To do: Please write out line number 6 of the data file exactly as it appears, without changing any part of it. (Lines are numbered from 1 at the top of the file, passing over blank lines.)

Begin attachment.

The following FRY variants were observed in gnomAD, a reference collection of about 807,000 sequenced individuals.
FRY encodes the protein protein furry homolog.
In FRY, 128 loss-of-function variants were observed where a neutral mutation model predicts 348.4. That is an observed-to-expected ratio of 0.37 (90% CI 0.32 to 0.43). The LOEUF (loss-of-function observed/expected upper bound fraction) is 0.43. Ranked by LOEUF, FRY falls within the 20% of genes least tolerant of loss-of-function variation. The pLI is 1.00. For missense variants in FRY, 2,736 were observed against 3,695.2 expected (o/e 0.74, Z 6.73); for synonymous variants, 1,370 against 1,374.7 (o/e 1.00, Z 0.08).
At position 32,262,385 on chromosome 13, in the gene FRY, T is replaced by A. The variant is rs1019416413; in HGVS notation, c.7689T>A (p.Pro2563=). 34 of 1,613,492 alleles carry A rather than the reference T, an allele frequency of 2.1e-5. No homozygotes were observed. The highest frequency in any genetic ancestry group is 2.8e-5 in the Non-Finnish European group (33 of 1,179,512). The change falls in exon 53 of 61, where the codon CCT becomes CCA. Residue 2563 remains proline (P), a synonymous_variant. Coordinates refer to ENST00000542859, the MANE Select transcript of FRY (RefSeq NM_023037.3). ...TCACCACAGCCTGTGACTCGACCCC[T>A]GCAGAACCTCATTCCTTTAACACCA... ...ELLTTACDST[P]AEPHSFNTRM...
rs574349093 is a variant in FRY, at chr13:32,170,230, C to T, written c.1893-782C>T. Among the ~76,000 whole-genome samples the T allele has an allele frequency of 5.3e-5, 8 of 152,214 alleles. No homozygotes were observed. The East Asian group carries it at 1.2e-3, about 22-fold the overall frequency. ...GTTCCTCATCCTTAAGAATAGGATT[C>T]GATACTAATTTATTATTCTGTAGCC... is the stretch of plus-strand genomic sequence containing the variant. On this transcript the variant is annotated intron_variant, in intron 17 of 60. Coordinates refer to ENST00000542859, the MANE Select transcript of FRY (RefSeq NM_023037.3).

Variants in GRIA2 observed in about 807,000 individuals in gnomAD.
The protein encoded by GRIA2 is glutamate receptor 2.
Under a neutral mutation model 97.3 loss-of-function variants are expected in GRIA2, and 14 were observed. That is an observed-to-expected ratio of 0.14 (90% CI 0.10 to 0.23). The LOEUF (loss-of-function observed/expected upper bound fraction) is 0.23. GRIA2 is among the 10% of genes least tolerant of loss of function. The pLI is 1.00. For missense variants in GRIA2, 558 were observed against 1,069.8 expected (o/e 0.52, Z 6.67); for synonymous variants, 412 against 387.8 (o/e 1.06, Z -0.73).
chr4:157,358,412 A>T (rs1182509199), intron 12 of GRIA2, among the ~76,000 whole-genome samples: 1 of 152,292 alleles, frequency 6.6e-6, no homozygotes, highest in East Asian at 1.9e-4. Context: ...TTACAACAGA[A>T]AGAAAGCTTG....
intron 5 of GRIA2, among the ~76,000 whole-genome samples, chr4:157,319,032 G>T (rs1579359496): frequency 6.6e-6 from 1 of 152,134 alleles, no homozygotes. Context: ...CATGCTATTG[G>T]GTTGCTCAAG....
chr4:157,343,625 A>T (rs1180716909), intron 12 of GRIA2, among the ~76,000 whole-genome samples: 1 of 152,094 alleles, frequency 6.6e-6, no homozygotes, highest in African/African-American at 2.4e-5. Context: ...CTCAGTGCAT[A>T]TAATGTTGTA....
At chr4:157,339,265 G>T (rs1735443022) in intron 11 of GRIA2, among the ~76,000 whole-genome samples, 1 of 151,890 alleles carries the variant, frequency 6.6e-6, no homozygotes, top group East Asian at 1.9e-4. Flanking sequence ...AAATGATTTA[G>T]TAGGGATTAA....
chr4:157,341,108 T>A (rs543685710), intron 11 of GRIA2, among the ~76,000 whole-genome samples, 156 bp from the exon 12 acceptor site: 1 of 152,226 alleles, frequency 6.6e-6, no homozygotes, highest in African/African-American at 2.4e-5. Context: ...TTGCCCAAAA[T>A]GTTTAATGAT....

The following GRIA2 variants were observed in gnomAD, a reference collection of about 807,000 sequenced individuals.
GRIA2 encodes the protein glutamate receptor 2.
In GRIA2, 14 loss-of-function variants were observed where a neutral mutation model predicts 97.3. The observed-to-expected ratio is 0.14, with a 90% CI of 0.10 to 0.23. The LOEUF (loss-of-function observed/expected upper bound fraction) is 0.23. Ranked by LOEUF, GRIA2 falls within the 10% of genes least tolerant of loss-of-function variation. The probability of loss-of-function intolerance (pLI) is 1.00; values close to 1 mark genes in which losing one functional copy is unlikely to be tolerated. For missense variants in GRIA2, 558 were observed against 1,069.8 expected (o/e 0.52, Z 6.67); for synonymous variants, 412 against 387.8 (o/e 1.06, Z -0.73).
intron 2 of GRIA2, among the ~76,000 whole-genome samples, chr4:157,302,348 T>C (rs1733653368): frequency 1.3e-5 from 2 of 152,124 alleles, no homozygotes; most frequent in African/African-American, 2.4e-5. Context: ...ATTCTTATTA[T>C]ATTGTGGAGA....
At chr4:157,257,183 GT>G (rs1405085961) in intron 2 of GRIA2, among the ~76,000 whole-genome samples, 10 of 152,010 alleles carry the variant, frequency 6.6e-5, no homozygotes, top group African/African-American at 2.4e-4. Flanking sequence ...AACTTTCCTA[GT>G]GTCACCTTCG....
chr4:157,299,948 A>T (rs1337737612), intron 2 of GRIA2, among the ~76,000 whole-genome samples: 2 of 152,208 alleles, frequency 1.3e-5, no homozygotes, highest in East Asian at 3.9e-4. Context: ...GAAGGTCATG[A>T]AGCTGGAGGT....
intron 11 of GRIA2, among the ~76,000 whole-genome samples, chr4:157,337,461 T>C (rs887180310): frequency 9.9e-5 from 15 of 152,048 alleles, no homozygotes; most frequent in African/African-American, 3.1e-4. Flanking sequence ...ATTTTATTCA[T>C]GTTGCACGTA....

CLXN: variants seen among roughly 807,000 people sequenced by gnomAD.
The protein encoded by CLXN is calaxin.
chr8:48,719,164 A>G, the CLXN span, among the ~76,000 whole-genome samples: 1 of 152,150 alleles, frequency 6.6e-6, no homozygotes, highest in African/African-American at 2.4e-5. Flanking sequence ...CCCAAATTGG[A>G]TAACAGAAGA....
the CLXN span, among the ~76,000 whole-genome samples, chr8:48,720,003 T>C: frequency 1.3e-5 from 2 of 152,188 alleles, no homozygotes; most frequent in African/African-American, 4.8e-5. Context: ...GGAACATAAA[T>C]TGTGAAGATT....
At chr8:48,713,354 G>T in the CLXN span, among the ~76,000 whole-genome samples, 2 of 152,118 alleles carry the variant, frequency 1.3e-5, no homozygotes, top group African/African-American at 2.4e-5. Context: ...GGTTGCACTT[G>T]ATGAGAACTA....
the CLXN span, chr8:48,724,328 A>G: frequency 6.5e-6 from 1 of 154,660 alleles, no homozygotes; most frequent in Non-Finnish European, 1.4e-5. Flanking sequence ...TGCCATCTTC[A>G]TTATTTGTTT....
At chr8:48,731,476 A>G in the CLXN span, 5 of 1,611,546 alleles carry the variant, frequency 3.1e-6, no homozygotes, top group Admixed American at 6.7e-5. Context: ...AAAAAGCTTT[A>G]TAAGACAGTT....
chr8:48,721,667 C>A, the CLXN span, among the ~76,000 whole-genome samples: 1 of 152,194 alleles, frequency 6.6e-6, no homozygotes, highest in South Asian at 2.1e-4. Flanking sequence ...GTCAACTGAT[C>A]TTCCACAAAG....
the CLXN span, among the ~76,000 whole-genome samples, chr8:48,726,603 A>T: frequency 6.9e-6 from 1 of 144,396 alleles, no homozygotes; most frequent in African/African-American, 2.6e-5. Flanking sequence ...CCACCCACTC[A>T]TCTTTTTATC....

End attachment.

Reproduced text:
Variants in GRIA2 observed in about 807,000 individuals in gnomAD.